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Understanding Frequency Decomposition Results Using Forward Modeling to Correlate Geology With Frequency Responses


Frequency decomposition techniques have been used with high success rates in siliciclastic environments, from exploration to reservoir characterization for revealing depositional environments and gaining a better understanding of the geology. Frequency decomposition techniques combined with RGB blending allow for rapid screening of large volumes of data, optimizing prospect screening and lead generation. At the reservoir level these two techniques deliver superior information, in quantity and quality in relation to standard amplitude extraction. Despite the wealth of the information in the frequency decomposition color blends its correlation with geological information is not always easy to determine. Differences in frequency responses might be due to changes in thickness, changes in lithology or pore fill or a combination of all three. Isolating one is, in most cases impossible using reflectivity data alone.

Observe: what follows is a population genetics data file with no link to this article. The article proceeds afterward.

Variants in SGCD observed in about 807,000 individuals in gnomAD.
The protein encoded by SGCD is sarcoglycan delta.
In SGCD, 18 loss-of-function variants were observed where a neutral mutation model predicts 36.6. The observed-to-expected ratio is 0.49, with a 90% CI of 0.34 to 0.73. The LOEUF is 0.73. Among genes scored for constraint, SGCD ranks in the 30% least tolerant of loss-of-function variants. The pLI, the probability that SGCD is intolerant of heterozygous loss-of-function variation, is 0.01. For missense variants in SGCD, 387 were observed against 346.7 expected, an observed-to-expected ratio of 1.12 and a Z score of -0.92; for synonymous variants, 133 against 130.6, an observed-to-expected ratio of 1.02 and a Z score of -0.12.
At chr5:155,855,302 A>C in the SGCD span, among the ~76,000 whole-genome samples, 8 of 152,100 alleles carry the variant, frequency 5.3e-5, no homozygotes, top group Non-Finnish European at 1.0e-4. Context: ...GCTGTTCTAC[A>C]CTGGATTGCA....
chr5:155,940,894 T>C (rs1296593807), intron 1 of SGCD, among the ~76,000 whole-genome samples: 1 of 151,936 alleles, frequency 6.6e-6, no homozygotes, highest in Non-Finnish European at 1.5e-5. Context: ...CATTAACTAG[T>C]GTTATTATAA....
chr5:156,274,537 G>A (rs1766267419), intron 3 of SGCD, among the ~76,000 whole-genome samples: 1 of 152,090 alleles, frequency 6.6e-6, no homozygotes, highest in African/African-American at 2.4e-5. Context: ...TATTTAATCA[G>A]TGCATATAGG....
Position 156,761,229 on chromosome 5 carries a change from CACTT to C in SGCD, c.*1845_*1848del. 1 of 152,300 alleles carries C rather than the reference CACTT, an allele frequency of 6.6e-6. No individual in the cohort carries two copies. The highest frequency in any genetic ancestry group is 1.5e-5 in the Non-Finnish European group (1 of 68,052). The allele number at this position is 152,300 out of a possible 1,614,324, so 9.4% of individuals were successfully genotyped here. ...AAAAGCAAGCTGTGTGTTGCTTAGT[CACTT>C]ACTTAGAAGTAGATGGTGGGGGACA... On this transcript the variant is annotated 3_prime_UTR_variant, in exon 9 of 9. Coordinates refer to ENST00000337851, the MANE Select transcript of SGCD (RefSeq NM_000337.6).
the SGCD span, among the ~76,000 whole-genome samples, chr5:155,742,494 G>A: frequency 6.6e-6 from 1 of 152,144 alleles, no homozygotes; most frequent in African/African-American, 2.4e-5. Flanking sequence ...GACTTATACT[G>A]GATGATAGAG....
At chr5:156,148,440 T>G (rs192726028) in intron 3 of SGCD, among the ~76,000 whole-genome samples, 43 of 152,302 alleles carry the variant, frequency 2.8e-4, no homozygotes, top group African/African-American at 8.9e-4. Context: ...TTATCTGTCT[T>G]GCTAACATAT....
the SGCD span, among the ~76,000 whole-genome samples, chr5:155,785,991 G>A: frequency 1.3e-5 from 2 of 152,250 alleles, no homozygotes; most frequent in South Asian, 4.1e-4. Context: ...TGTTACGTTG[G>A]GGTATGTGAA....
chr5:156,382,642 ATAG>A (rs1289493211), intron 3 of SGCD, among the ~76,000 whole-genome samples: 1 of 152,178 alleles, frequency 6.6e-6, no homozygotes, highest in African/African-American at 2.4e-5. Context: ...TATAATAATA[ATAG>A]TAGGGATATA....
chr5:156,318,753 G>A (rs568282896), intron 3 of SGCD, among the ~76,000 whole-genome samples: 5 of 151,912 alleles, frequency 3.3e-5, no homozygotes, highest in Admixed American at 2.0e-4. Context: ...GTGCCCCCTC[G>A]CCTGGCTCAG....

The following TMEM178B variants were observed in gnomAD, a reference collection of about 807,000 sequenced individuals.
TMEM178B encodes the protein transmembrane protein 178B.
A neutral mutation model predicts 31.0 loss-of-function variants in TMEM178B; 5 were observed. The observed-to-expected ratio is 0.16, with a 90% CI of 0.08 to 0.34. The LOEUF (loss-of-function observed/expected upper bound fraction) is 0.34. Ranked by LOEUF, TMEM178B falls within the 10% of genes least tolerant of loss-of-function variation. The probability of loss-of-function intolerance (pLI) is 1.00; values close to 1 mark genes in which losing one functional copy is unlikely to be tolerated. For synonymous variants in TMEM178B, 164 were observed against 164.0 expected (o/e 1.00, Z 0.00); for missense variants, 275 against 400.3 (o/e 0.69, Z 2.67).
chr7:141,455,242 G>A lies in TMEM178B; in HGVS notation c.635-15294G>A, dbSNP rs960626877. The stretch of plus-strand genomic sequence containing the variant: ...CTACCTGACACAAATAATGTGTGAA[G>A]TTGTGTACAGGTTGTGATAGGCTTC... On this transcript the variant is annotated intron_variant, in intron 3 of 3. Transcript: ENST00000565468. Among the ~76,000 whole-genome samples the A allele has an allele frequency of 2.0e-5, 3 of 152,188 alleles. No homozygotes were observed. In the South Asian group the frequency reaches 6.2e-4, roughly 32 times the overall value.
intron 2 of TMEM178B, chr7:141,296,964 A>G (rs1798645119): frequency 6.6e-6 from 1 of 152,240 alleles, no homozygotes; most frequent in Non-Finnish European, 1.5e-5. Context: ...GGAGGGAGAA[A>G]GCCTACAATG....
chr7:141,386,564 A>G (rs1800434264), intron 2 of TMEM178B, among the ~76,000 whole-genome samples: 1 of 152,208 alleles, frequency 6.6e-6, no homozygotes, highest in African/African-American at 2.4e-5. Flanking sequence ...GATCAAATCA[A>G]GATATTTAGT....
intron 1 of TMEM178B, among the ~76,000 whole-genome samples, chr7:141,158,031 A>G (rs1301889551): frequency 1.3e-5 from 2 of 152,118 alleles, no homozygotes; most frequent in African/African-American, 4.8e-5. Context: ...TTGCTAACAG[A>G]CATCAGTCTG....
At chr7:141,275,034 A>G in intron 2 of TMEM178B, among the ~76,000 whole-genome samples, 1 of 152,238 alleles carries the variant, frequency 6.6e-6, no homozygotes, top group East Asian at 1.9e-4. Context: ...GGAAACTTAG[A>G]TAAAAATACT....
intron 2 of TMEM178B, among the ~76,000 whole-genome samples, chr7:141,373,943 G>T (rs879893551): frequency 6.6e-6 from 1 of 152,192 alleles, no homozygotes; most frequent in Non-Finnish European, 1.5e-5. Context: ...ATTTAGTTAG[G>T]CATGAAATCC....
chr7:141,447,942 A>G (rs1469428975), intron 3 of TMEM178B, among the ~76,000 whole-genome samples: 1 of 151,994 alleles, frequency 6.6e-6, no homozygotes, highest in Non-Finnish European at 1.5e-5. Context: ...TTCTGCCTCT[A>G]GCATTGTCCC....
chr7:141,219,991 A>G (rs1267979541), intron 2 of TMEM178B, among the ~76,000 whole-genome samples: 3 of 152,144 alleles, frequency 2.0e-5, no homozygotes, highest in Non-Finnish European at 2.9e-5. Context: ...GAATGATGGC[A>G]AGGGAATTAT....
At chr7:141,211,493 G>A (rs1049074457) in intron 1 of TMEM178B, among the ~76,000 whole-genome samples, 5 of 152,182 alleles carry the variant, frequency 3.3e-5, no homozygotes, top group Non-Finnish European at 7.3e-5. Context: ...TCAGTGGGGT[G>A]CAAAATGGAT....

In this case study we propose the use of forward modeling in order to correlate the frequency responses of a synthetic model where the geological properties are known with the frequency responses of the real data. Several forward models can be tested to determine which geologic factors are controlling the frequency responses. Wedge models using the wells will determine tuning thickness and the frequency responses of thicker sections. Models can be created from the facies classification, and populated with rock properties to generate different scenarios. These models are then convolved with a wavelet extracted from the seismic data to produce a synthetic volume. Frequency decomposition is performed with the same parameters as for the real data and a synthetic color blend is calculated. A comparison of the two blends is made to determine how closely the rock properties in the model match the real geology. The properties of the forward model can be changed until a correlation between the synthetic blend and the real blend is achieved. This method enables us to determine how rock properties influence the frequency decomposition results and correlate geological information with the responses visible in the color blends. Knowing the frequency responses at the well locations, assumptions can be made away from the wells to help with reducing the risk when drilling.